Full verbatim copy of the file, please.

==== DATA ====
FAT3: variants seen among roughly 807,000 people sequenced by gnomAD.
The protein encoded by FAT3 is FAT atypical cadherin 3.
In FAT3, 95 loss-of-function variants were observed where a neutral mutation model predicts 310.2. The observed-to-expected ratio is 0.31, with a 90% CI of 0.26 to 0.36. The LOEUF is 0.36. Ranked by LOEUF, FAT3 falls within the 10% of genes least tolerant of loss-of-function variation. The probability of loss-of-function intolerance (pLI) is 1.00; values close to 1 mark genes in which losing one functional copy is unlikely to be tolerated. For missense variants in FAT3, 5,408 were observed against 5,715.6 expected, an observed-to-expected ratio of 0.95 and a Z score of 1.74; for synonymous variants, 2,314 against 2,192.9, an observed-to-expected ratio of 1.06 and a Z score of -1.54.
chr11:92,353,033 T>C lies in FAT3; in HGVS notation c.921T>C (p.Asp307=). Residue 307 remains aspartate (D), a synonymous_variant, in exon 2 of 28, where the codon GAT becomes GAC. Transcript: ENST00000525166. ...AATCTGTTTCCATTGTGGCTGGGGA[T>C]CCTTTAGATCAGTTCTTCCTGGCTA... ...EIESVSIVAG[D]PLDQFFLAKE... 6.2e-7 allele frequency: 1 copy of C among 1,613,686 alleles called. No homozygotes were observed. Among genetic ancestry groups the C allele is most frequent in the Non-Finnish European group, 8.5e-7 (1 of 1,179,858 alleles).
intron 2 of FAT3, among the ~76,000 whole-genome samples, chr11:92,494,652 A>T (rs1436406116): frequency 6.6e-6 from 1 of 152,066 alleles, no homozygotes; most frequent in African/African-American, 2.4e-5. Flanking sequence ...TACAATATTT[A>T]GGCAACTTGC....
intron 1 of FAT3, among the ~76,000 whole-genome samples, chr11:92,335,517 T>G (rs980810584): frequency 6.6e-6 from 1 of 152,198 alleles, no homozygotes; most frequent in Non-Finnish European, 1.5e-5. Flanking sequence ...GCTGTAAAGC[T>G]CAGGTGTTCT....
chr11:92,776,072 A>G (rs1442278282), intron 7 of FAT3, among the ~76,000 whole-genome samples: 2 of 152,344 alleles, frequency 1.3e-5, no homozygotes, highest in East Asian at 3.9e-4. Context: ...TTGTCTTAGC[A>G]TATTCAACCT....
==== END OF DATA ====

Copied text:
FAT3: variants seen among roughly 807,000 people sequenced by gnomAD.
The protein encoded by FAT3 is FAT atypical cadherin 3.
In FAT3, 95 loss-of-function variants were observed where a neutral mutation model predicts 310.2. The observed-to-expected ratio is 0.31, with a 90% CI of 0.26 to 0.36. The LOEUF is 0.36. Ranked by LOEUF, FAT3 falls within the 10% of genes least tolerant of loss-of-function variation. The probability of loss-of-function intolerance (pLI) is 1.00; values close to 1 mark genes in which losing one functional copy is unlikely to be tolerated. For missense variants in FAT3, 5,408 were observed against 5,715.6 expected, an observed-to-expected ratio of 0.95 and a Z score of 1.74; for synonymous variants, 2,314 against 2,192.9, an observed-to-expected ratio of 1.06 and a Z score of -1.54.
chr11:92,353,033 T>C lies in FAT3; in HGVS notation c.921T>C (p.Asp307=). Residue 307 remains aspartate (D), a synonymous_variant, in exon 2 of 28, where the codon GAT becomes GAC. Transcript: ENST00000525166. ...AATCTGTTTCCATTGTGGCTGGGGA[T>C]CCTTTAGATCAGTTCTTCCTGGCTA... ...EIESVSIVAG[D]PLDQFFLAKE... 6.2e-7 allele frequency: 1 copy of C among 1,613,686 alleles called. No homozygotes were observed. Among genetic ancestry groups the C allele is most frequent in the Non-Finnish European group, 8.5e-7 (1 of 1,179,858 alleles).
intron 2 of FAT3, among the ~76,000 whole-genome samples, chr11:92,494,652 A>T (rs1436406116): frequency 6.6e-6 from 1 of 152,066 alleles, no homozygotes; most frequent in African/African-American, 2.4e-5. Flanking sequence ...TACAATATTT[A>T]GGCAACTTGC....
intron 1 of FAT3, among the ~76,000 whole-genome samples, chr11:92,335,517 T>G (rs980810584): frequency 6.6e-6 from 1 of 152,198 alleles, no homozygotes; most frequent in Non-Finnish European, 1.5e-5. Flanking sequence ...GCTGTAAAGC[T>G]CAGGTGTTCT....
chr11:92,776,072 A>G (rs1442278282), intron 7 of FAT3, among the ~76,000 whole-genome samples: 2 of 152,344 alleles, frequency 1.3e-5, no homozygotes, highest in East Asian at 3.9e-4. Context: ...TTGTCTTAGC[A>G]TATTCAACCT....